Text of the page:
Effect of Fructose on Colonic Microflora (MEF)
Fructose is the principal carbohydrate in fruits and is added to many food products. This 6 carbon sugar is associated with a number of ill effects, like promotion of high triglycerides,precipitation of gout in men,possible depression in women and symptoms of intolerance in a non ethnic dose dependent fashion.However, high fruit and vegetable intake is associated with some epidemiologic evidence in prevention of some cancers like stomach and colorectum.The principal protectors in these products are thought to be antioxidants and other protective chemicals like polyphenols.In addition long chain polymers of fructose:inulin are thought to help protect against cancer through prebiotic effects. In fact poly-fructose molecules are used as prebiotic food supplements and are promoted as aids for a healthy intestine with "balanced microflora".
Polyfructose prebiotics induce some gastrointestinal symptoms of cramps gas bloating and sometimes diarrhea.To date repeated consumption of these polyfructose molecules have not been shown to induce colonic adaptation. Nor is there evidence that fructose intolerant people "adapt " to prolonged ingestion.
These findings are in contrast to findings with lactose intolerance where prolonged ingestion leads to both symptomatic and physiological adaptation.In this interventional study we evaluate whether fructose intolerant people can adapt to moderate dose daily fructose ingestion.The desired outcome is symptomatic, physiological and colonic microfloral adaptation. A failure to detect an increase in bifidobacteria on retesting may suggest that in humans like in some other mammals GLUT5 fructose transport could be induced.
|Study Design:||Allocation: Non-Randomized
Intervention Model: Crossover Assignment
Masking: Open Label
Primary Purpose: Basic Science
|Official Title:||Colonic Microbial and Clinical Adaptation to Large Doses of Fructose|
- Statistically significant reduction in total sum breath hydrogen upon a 50g fructose challenge test. [ Time Frame: intervention for 2 weeks per participant ] [ Designated as safety issue: No ]
- A log 1 change in fecal bifidobacteria or lactobacilli species. [ Time Frame: stools retested 2 weeks apart ] [ Designated as safety issue: No ]
|Study Start Date:||January 2008|
|Study Completion Date:||December 2008|
|Primary Completion Date:||December 2008 (Final data collection date for primary outcome measure)|
Active Comparator: 1
30g fructose dissolved in water twice a day
Dietary Supplement: Fructose powder
30g in 250ml water twice a day
|No Intervention: No Intervention|
The concept of Colonic Adaptation(CA) to regular carbohydrates has been linked mainly to lactose disaccharide(galactose,glucose) and lactulose(galactose, fructose), a manufactured derivative of lactose. CA is achieved in both cases by short term regular consumption of the targeted sugar which is not digested by the host. The clinical definition of CA includes a measured change in breath hydrogen, reduction of clinical symptoms (Bloat, gas, cramps and at times diarrhea) and an associated increase of bacterial lactase(β-galactosidase. The putative mechanism is through bacterial action which results in enhanced metabolism or expanded bacterial population of specific genus and species of bacteria. The act of CA may incur health benefits through physicochemical changes and especially promotion of health promoting bacteria.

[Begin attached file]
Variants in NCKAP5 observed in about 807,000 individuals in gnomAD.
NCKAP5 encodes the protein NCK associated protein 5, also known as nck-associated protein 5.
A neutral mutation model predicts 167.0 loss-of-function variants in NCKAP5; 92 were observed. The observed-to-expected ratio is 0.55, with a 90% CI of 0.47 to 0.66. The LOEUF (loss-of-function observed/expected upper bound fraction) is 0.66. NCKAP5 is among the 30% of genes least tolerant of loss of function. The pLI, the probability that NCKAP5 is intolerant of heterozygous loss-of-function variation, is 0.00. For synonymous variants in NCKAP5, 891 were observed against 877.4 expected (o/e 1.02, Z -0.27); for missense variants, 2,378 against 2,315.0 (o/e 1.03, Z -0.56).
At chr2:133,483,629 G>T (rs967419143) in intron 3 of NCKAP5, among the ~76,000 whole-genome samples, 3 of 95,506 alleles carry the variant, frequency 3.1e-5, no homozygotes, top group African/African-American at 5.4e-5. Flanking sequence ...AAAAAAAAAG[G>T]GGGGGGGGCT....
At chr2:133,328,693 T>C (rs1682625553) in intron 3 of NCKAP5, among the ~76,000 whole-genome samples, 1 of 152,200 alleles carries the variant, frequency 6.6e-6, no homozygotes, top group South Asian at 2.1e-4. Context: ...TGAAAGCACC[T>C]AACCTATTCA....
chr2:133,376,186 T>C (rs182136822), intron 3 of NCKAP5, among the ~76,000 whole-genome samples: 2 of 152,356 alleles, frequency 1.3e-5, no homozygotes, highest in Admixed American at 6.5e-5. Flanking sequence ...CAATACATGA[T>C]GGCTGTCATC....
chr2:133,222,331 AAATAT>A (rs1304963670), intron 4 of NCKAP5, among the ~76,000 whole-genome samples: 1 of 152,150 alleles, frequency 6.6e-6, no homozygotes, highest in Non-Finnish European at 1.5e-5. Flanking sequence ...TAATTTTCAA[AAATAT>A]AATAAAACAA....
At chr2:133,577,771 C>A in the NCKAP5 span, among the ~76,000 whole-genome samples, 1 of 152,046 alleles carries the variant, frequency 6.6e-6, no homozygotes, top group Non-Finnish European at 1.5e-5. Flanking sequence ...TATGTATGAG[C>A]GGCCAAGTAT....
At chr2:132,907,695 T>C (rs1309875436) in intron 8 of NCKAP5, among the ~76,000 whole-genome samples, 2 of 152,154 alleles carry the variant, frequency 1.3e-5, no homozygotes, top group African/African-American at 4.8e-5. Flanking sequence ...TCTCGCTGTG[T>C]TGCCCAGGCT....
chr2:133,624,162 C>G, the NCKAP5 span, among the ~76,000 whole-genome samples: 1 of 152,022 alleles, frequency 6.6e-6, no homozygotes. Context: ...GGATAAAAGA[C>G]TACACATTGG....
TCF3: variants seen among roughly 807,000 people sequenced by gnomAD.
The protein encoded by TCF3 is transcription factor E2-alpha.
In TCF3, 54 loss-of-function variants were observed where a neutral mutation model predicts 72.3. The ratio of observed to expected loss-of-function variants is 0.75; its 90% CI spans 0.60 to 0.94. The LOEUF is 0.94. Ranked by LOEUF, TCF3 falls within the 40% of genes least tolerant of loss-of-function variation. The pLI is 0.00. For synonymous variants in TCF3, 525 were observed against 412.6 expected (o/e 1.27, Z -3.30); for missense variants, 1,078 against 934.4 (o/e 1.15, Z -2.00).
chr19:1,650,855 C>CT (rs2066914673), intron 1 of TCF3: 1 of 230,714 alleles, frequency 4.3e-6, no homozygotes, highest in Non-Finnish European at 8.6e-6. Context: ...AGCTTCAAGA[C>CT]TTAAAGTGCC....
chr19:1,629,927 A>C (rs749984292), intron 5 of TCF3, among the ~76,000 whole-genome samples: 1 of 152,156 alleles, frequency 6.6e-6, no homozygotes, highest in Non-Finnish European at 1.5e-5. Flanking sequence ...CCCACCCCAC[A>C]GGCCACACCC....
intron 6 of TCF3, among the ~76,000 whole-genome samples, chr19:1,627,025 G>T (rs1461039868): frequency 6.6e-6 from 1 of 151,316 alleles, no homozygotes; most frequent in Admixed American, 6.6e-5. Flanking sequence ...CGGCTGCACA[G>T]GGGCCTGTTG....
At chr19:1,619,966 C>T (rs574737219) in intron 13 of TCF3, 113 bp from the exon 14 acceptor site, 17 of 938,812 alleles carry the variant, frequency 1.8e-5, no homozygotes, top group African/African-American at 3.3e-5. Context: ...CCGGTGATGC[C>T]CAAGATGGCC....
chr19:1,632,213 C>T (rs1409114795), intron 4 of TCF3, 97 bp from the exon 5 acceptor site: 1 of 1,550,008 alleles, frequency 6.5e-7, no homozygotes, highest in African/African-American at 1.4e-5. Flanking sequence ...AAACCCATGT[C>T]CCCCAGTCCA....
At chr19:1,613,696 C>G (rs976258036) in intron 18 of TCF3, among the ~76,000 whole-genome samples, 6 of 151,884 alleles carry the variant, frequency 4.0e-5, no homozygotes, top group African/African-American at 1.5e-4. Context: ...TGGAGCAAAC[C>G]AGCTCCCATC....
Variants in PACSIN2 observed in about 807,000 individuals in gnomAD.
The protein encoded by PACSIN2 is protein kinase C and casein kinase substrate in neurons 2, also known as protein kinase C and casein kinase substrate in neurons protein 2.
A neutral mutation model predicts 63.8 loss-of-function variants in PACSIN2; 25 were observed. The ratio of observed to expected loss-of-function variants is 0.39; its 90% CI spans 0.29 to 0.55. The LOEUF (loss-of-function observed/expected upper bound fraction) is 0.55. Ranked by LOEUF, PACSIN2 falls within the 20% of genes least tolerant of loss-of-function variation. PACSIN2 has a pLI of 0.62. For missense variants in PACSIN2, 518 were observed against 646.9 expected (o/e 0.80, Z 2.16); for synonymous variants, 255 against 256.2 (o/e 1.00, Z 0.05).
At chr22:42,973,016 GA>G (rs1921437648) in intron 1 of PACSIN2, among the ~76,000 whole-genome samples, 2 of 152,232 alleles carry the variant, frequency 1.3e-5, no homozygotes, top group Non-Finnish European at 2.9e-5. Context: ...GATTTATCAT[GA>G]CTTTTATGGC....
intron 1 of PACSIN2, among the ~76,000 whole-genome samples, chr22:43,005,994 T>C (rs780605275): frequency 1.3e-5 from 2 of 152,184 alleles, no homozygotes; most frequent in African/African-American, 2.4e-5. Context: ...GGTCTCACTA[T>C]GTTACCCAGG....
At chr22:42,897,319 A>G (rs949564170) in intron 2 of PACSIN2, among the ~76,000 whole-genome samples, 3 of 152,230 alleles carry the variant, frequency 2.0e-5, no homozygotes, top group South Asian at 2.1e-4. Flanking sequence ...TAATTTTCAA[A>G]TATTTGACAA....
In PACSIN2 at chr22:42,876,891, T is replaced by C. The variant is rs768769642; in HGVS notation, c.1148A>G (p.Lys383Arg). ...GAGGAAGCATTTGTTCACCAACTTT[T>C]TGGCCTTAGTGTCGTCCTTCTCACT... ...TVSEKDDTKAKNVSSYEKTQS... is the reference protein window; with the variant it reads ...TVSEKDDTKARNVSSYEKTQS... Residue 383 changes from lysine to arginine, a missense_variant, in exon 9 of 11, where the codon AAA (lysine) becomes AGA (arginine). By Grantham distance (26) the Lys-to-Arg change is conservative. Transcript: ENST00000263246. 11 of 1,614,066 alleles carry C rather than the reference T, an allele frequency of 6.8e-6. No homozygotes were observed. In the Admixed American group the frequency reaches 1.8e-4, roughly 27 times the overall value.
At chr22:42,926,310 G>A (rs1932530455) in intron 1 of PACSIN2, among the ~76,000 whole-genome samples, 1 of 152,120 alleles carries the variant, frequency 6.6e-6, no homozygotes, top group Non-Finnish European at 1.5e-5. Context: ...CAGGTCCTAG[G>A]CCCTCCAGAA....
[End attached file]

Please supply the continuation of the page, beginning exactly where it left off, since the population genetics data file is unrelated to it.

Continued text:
Maldigestion of fructose occurs in the population probably in a dose dependent fashion. The sugar content overwhelms the principal GLUT5 intestinal carrier. In the presence of glucose this non energy dependent system works better(11). In a previous publication we found that the pre test graded ingestion of fructose had no impact on test results. These results were dramatically different from that found for pretest lactose ingestion. The investigators interpreted the results from the fructose study as being consistent with a failure to show CA to regular fructose consumption.
More recently Rao et al however, showed that there may be a threshold level of intake beyond which fructose maldigestion may rapidly increase. This value was thought to be 15-20g. In the case of lactose this was 10g(15). Since in both our studies we used the same dose response analysis(<10,11-19, and >20g/d), it is possible that fructose consuming individuals might not have spilt adequate quantities of fructose into the colon to properly induce and maintain CA. Moreover, there is to our knowledge no information on a possible prebiotic effect of the monosaccharide fructose. Since polymers of fructose are very good prebiotics it may be of interest to determine whether this sugar is capable of prebiotic function in its own right.
The investigators propose to carry out a short term study on 20-30 healthy participants to determine whether a 2 week period of fructose consumption alters clinical CA and intestinal microflora.
Study Outline After an overnight fast, except for water(ad libitum), participants present themselves to the GI lab around 9 am. A 50 gm fructose solution (this dose is associated with a 65% chance of maldigestion(14))will be administered. Breath hydrogen and symptoms will be recorded for 4.5 Hrs at ½ hr intervals. Participants will be asked to fill out a short 3 day diet recall questionnaire targeting fructose ingestion.
Participants will be asked to consume 30g fructose in 150ml of water (lemon juice may be added) twice a day for 14 days.They will then return for a repeat50 g fructose challenge. A small stool sample will be asked from participants at each test period.Another similar group will undergo the same tests but without taking intervening fructose.
Please refer to this study by its ClinicalTrials.gov identifier: NCT00775567
|SMBD Jewish General Hospital|
|Montreal, Quebec, Canada, H3T 1E2|
|Principal Investigator:||Andrew Szilagyi, MD||SMBD Jewish General Hospital, McGill university School of Medicine|